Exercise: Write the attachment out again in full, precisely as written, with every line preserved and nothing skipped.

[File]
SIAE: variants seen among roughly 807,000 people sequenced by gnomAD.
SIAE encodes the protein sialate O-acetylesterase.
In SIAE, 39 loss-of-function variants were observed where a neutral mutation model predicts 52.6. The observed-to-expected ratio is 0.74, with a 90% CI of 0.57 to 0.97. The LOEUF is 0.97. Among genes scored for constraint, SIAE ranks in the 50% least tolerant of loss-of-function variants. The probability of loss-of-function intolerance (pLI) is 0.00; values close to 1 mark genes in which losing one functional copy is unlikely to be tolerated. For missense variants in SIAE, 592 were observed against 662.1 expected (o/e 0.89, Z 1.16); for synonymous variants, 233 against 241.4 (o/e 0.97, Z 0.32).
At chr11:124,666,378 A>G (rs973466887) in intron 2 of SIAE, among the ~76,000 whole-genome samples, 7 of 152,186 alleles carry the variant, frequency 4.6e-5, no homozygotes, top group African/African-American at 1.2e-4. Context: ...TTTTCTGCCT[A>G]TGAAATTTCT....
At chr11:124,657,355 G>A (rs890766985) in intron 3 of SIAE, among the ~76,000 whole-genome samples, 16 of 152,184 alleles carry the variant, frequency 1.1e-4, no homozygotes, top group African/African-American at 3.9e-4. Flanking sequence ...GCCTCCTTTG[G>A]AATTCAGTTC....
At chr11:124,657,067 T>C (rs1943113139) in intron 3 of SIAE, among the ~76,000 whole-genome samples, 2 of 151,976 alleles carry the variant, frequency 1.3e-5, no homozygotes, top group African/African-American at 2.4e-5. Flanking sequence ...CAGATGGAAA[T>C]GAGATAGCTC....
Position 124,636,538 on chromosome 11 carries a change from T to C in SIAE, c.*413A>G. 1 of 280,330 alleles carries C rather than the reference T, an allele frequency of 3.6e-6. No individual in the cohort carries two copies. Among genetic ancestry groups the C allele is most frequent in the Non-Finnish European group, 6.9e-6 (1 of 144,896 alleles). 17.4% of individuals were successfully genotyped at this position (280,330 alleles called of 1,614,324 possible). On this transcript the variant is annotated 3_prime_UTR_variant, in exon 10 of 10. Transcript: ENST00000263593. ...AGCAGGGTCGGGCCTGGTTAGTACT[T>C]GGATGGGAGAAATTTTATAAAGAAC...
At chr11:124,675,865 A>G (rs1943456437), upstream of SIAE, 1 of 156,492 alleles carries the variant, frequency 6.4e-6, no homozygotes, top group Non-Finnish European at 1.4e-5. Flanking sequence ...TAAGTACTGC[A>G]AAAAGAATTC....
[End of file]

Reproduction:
SIAE: variants seen among roughly 807,000 people sequenced by gnomAD.
SIAE encodes the protein sialate O-acetylesterase.
In SIAE, 39 loss-of-function variants were observed where a neutral mutation model predicts 52.6. The observed-to-expected ratio is 0.74, with a 90% CI of 0.57 to 0.97. The LOEUF is 0.97. Among genes scored for constraint, SIAE ranks in the 50% least tolerant of loss-of-function variants. The probability of loss-of-function intolerance (pLI) is 0.00; values close to 1 mark genes in which losing one functional copy is unlikely to be tolerated. For missense variants in SIAE, 592 were observed against 662.1 expected (o/e 0.89, Z 1.16); for synonymous variants, 233 against 241.4 (o/e 0.97, Z 0.32).
At chr11:124,666,378 A>G (rs973466887) in intron 2 of SIAE, among the ~76,000 whole-genome samples, 7 of 152,186 alleles carry the variant, frequency 4.6e-5, no homozygotes, top group African/African-American at 1.2e-4. Context: ...TTTTCTGCCT[A>G]TGAAATTTCT....
At chr11:124,657,355 G>A (rs890766985) in intron 3 of SIAE, among the ~76,000 whole-genome samples, 16 of 152,184 alleles carry the variant, frequency 1.1e-4, no homozygotes, top group African/African-American at 3.9e-4. Flanking sequence ...GCCTCCTTTG[G>A]AATTCAGTTC....
At chr11:124,657,067 T>C (rs1943113139) in intron 3 of SIAE, among the ~76,000 whole-genome samples, 2 of 151,976 alleles carry the variant, frequency 1.3e-5, no homozygotes, top group African/African-American at 2.4e-5. Flanking sequence ...CAGATGGAAA[T>C]GAGATAGCTC....
Position 124,636,538 on chromosome 11 carries a change from T to C in SIAE, c.*413A>G. 1 of 280,330 alleles carries C rather than the reference T, an allele frequency of 3.6e-6. No individual in the cohort carries two copies. Among genetic ancestry groups the C allele is most frequent in the Non-Finnish European group, 6.9e-6 (1 of 144,896 alleles). 17.4% of individuals were successfully genotyped at this position (280,330 alleles called of 1,614,324 possible). On this transcript the variant is annotated 3_prime_UTR_variant, in exon 10 of 10. Transcript: ENST00000263593. ...AGCAGGGTCGGGCCTGGTTAGTACT[T>C]GGATGGGAGAAATTTTATAAAGAAC...
At chr11:124,675,865 A>G (rs1943456437), upstream of SIAE, 1 of 156,492 alleles carries the variant, frequency 6.4e-6, no homozygotes, top group Non-Finnish European at 1.4e-5. Flanking sequence ...TAAGTACTGC[A>G]AAAAGAATTC....